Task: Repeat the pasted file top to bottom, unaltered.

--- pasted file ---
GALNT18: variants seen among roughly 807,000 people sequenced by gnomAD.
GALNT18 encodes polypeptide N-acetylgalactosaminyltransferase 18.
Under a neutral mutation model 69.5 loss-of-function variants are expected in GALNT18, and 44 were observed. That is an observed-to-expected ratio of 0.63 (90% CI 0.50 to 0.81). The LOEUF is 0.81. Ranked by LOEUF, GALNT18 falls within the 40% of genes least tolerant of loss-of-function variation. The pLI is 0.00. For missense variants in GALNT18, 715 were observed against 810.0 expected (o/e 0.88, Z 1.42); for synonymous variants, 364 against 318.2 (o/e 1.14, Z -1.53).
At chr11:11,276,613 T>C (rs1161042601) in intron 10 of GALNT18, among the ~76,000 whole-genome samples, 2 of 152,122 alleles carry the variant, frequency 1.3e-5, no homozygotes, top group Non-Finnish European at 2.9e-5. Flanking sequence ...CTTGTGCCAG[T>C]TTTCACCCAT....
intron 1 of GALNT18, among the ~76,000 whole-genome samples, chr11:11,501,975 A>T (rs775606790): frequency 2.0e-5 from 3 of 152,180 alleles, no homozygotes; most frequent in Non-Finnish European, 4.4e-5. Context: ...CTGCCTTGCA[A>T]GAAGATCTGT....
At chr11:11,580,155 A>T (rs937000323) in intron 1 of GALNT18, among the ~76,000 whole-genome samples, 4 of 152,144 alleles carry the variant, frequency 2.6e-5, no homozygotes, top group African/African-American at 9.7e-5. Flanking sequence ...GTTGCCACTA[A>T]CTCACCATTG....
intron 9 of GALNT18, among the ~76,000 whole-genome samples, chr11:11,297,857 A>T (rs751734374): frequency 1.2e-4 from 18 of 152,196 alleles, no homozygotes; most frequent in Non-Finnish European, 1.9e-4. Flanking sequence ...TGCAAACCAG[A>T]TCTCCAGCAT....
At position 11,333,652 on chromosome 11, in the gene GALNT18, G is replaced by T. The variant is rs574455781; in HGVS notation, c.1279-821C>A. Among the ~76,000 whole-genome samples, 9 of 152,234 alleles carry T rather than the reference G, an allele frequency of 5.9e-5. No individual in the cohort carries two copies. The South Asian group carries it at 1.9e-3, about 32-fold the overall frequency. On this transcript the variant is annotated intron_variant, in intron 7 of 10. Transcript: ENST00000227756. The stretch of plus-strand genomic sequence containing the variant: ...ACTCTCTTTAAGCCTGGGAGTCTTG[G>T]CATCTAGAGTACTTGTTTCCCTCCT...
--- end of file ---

GALNT18: variants seen among roughly 807,000 people sequenced by gnomAD.
GALNT18 encodes polypeptide N-acetylgalactosaminyltransferase 18.
Under a neutral mutation model 69.5 loss-of-function variants are expected in GALNT18, and 44 were observed. That is an observed-to-expected ratio of 0.63 (90% CI 0.50 to 0.81). The LOEUF is 0.81. Ranked by LOEUF, GALNT18 falls within the 40% of genes least tolerant of loss-of-function variation. The pLI is 0.00. For missense variants in GALNT18, 715 were observed against 810.0 expected (o/e 0.88, Z 1.42); for synonymous variants, 364 against 318.2 (o/e 1.14, Z -1.53).
At chr11:11,276,613 T>C (rs1161042601) in intron 10 of GALNT18, among the ~76,000 whole-genome samples, 2 of 152,122 alleles carry the variant, frequency 1.3e-5, no homozygotes, top group Non-Finnish European at 2.9e-5. Flanking sequence ...CTTGTGCCAG[T>C]TTTCACCCAT....
intron 1 of GALNT18, among the ~76,000 whole-genome samples, chr11:11,501,975 A>T (rs775606790): frequency 2.0e-5 from 3 of 152,180 alleles, no homozygotes; most frequent in Non-Finnish European, 4.4e-5. Context: ...CTGCCTTGCA[A>T]GAAGATCTGT....
At chr11:11,580,155 A>T (rs937000323) in intron 1 of GALNT18, among the ~76,000 whole-genome samples, 4 of 152,144 alleles carry the variant, frequency 2.6e-5, no homozygotes, top group African/African-American at 9.7e-5. Flanking sequence ...GTTGCCACTA[A>T]CTCACCATTG....
intron 9 of GALNT18, among the ~76,000 whole-genome samples, chr11:11,297,857 A>T (rs751734374): frequency 1.2e-4 from 18 of 152,196 alleles, no homozygotes; most frequent in Non-Finnish European, 1.9e-4. Flanking sequence ...TGCAAACCAG[A>T]TCTCCAGCAT....
At position 11,333,652 on chromosome 11, in the gene GALNT18, G is replaced by T. The variant is rs574455781; in HGVS notation, c.1279-821C>A. Among the ~76,000 whole-genome samples, 9 of 152,234 alleles carry T rather than the reference G, an allele frequency of 5.9e-5. No individual in the cohort carries two copies. The South Asian group carries it at 1.9e-3, about 32-fold the overall frequency. On this transcript the variant is annotated intron_variant, in intron 7 of 10. Transcript: ENST00000227756. The stretch of plus-strand genomic sequence containing the variant: ...ACTCTCTTTAAGCCTGGGAGTCTTG[G>T]CATCTAGAGTACTTGTTTCCCTCCT...